DataDog is a monitoring platform targeted at cloud-scaled services. It features robust features in visualization, alerting, and data consolidation and analysis. They enable correlating performance metrics with business impact. DataDog offers a free trial.
Prometheus is a popular open-source monitoring tool offering alerting, querying, visualization, and many other useful features. The dedicated development community offers plenty of documentation and instruction to help you get up to speed.
New Relic is a monitoring platform offering several components that can also be used standalone: New Relic APM (application performance monitoring), New Relic Browser, and New Relic Infrastructure. They offer applications for iOS and Android, giving you more options for monitoring.
Nagios offers both an open-source (Nagios Core) and a purchasable option (Nagios XI). They offer a highly customizable interface and monitoring over your entire IT network. They also highlight their ease of use, with configuration wizards to guide users in setting up new monitoring services.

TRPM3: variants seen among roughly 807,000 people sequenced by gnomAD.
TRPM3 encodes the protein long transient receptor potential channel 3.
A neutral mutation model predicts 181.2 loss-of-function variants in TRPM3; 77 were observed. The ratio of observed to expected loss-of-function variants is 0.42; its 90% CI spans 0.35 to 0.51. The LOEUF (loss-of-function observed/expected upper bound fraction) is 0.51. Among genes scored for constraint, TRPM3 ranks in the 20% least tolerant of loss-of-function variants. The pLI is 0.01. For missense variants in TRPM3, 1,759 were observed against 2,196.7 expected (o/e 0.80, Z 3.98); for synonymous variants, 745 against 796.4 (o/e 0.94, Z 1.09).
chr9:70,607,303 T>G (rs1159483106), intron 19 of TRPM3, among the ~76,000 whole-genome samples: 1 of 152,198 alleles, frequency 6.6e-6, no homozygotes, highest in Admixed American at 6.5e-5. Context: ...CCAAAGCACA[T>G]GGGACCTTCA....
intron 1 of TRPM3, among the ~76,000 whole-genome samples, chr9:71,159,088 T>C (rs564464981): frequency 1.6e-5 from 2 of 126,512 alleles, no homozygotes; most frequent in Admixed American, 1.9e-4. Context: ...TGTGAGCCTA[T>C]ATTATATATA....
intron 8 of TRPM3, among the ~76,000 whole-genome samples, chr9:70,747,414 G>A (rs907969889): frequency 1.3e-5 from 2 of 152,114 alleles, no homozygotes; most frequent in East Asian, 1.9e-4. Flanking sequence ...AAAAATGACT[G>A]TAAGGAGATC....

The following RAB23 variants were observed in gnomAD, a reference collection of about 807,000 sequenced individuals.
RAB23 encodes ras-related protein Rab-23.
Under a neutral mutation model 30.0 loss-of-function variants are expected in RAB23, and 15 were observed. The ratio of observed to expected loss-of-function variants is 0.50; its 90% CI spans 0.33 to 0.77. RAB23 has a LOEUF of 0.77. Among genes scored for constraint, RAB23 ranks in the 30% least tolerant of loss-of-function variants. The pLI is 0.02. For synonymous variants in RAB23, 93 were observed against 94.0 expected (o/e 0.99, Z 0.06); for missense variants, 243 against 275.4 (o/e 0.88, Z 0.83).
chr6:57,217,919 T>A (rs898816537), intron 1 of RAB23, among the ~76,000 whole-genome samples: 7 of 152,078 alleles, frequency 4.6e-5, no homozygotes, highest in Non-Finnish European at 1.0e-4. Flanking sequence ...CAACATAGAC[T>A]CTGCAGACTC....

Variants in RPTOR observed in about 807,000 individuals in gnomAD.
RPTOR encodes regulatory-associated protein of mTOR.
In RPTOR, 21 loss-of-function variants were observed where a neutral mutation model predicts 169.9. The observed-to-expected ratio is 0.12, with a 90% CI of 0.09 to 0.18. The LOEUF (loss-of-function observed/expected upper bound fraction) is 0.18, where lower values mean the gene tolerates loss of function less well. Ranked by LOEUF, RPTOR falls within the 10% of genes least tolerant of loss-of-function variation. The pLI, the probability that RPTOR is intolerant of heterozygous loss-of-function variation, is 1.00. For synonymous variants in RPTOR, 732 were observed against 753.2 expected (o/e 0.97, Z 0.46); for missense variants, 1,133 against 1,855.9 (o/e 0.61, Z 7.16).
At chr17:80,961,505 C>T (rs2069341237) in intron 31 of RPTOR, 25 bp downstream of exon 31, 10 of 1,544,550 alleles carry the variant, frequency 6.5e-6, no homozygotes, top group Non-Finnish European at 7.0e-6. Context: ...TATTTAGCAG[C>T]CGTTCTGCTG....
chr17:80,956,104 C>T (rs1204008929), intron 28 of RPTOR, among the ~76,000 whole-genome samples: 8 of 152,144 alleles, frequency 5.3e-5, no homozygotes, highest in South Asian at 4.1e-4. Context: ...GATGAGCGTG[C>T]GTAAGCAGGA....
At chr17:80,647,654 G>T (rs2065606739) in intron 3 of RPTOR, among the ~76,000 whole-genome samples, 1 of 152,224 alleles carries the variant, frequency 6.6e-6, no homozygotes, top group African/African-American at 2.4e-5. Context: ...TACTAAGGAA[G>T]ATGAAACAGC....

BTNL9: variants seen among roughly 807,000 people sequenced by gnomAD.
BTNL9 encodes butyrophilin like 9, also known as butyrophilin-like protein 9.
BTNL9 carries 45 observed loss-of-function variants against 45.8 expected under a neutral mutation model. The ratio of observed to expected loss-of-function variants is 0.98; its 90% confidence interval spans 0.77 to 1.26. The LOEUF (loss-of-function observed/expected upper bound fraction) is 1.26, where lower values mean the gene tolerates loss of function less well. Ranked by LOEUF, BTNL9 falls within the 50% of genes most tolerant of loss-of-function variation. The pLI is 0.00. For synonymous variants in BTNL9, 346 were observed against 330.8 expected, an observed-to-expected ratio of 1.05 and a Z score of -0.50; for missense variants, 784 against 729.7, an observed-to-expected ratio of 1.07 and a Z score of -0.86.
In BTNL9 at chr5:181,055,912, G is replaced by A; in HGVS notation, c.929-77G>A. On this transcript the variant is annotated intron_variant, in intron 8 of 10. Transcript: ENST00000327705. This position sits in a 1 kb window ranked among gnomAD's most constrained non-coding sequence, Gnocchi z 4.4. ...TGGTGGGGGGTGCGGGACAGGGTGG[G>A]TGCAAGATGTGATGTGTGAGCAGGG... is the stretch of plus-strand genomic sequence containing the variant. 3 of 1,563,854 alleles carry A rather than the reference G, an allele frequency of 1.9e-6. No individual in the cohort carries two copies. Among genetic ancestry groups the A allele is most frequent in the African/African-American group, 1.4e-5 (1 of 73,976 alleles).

Dynatrace allows for cross-team collaboration with its monitoring platform, offering a shared single repository of monitoring data. They also include autonomous cloud features and the ability to monitor the IoT layer of deployment. They also offer a free trial.
Solarwinds offers several products, specializing in monitoring: Network Management, Systems Management, Database Management, IT Security, IT Service Management, Application Management, and Managed Service Providers. Each can be tried for free.
Site24x7 specializes in website monitoring, offering tools such as status pages and diagnostics on the health of web servers such as AWS and Azure. They also offer synthetic web transaction monitoring, allowing you to simulate usage and collect metrics. They offer several pricing plans depending on the services required.
SignalFx offers a wide array of microservice integration, allowing you to see a complete picture of service health. This is important if your service contains many third-party components. Their focus is on helping build your architecture from a monolithic to a microservices model.
PRTG Network Monitor is a complete monitoring service that can integrate into many stages and locations of your architecture. They offer monitoring at the level of networks, individual servers, specific applications, and everything in between. This provider also offers a free version.
No matter what monitoring tools you ultimately use, you’ll want to make the most of the data they provide in the context of a larger reliability solution that drives actionability.
Note: This article is just an attempt to introduce various monitoring tools that I have either used extensively or tried out in bits while implementing SRE practices. That said, I did pick up images, words, and phrases from my recent reads and sessions.